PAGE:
Monday, March 11, 2013

Soho Press's Cara Black has done it again - and this time in Montparnasse!

Murder Below Montparnasse
author, Cara Black
I think it’s a bit indisputable that today’s generation of young Americans very accurately channels the wily ex-pats of the 1920s.  Frankly, we pride ourselves on it.  Any of my friends would give anything to romp around the glowing Paris streets at night, sipping Sazerac to their hearts delight, dancing with Djuna Barnes, and musing to F. Scott and Zelda about what is to be young and alive.  They are sensibilities that we can’t help but feed into; it’s the artist in all of us!

This is precisely why, when I say Cara Black’s new novel Murder Below Montparnasse has nailed it, I’m talking down into the floorboards for good.  Black takes all of the young dreamer sensibilities that are relevant today and mixes them with her characteristically elusive, keep-you-guessing style to create a new and exciting genre of literature that’s at once accessible and complex.

Marilyn Stasio lauds Black in her recent New York Times book review, calling Montparnasse a neighborhood, “rich… for the purposes of a plot that hangs on a Modigliani canvas and involves Russian émigrés and Surrealist artists…” – and boy is she right.  Montparnasse is historically one of the most artistically concentrated areas of Paris, hosting painters, poets and writers like Picasso, Joyce and Hemingway in its sprawling bars and cafes.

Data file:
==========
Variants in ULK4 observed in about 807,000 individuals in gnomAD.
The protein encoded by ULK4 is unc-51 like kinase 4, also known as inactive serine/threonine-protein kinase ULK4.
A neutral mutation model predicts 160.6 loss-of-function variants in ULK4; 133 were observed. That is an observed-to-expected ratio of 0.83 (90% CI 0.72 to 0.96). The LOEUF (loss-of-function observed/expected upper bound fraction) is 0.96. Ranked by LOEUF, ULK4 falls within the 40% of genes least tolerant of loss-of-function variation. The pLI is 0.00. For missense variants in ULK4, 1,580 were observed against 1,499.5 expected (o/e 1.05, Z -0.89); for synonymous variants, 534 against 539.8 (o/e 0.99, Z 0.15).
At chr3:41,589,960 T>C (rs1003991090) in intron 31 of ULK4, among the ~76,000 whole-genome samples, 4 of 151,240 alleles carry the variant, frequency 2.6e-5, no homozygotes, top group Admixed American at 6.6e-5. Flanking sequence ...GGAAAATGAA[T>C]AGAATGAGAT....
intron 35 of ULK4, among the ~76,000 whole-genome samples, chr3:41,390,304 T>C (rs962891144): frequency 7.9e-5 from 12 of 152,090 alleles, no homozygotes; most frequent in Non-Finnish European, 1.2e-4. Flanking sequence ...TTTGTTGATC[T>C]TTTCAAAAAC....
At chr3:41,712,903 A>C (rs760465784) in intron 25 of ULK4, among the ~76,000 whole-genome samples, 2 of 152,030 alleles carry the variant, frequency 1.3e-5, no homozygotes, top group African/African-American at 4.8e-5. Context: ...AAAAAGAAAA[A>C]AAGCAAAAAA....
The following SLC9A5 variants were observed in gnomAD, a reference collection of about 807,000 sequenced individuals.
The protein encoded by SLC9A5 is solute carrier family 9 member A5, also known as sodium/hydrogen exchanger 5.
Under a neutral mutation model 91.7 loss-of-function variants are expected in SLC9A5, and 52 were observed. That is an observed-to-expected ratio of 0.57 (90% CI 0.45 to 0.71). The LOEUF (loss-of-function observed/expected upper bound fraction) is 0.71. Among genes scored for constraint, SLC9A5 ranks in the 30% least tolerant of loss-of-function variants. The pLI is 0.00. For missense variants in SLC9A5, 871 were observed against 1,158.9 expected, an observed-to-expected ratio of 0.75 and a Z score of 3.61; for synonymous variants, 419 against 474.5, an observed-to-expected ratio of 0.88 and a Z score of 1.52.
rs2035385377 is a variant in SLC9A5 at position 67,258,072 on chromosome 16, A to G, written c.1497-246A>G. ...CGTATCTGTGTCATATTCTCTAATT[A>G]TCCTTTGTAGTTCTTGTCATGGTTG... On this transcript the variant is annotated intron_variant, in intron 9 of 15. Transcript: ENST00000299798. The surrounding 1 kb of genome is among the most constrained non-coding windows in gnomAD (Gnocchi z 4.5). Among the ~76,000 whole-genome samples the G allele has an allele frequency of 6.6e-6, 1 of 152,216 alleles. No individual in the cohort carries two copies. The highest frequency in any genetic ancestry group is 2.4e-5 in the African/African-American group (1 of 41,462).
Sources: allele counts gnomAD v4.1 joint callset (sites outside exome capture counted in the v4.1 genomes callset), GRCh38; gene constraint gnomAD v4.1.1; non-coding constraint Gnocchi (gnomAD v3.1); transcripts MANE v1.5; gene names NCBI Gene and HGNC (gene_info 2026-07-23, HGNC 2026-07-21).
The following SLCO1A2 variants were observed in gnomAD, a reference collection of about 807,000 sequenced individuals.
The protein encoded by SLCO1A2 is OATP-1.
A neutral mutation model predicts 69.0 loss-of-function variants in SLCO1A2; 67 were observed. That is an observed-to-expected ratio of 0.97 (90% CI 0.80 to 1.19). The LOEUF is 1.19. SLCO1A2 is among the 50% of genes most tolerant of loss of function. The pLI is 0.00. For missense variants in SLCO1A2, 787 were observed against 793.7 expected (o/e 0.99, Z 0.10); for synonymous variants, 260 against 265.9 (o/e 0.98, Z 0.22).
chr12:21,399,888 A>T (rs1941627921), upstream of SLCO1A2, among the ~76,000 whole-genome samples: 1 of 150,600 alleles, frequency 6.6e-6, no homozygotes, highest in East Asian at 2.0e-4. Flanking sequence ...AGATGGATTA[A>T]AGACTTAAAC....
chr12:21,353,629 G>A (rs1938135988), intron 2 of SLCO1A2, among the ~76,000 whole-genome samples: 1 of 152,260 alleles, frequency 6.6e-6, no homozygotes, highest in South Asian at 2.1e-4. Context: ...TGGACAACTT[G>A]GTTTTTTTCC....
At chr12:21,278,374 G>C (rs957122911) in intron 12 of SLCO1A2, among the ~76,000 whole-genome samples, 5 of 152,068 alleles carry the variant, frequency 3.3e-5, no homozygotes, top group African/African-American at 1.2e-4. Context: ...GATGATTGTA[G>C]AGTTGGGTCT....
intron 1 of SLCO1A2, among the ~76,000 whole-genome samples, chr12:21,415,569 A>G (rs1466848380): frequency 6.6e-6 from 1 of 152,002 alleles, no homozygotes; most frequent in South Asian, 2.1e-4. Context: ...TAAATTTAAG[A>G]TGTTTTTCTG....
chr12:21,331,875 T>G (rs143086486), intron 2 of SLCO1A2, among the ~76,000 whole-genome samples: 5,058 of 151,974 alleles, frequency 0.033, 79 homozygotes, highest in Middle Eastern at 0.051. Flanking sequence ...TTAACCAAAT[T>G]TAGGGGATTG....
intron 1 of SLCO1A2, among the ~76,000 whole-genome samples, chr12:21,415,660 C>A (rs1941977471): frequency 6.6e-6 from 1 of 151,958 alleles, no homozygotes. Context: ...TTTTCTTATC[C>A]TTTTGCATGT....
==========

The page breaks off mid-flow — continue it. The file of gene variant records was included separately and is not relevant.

A building in Montparnasse painted, no doubt, in
tribute to the many artists that have frequented it's streets.
The novel’s protagonist, Detective Aimeé Leduc, gets caught up in a bit of this history herself, having been mysteriously enlisted by a Russian man named Yuri Volodya to protect a – you guessed it – prized Modigliani painting.  Aimeé is thrown into what seems to be Black’s bizarre and twisted take on the embodiment of Golden Age Syndrome, where the seemingly desirable sensibilities of a highly romantic age are shrouded in deceit and betrayal. 

If you would like to get a taste of what Black’s novel has to offer, I suggest visiting the Soho website, where you will find a large excerpt of the novel available.  If you like what you see – and I have no doubt you will – there is further good news.  Murder Below Montparnasse is just one in a series of thirteen murder mysteries by Cara Black, which collectively comprise the Aimeé Leduc investigations.  Each book in the series is set in a different section of Paris; together they are a literary map, rich in French cultural history and insight into the delightfully seductive Parisian landscape.

Learn more about Cara Black, and get a chance to meet her on her nationwide book tour by clicking here.

- Colleen McClintock

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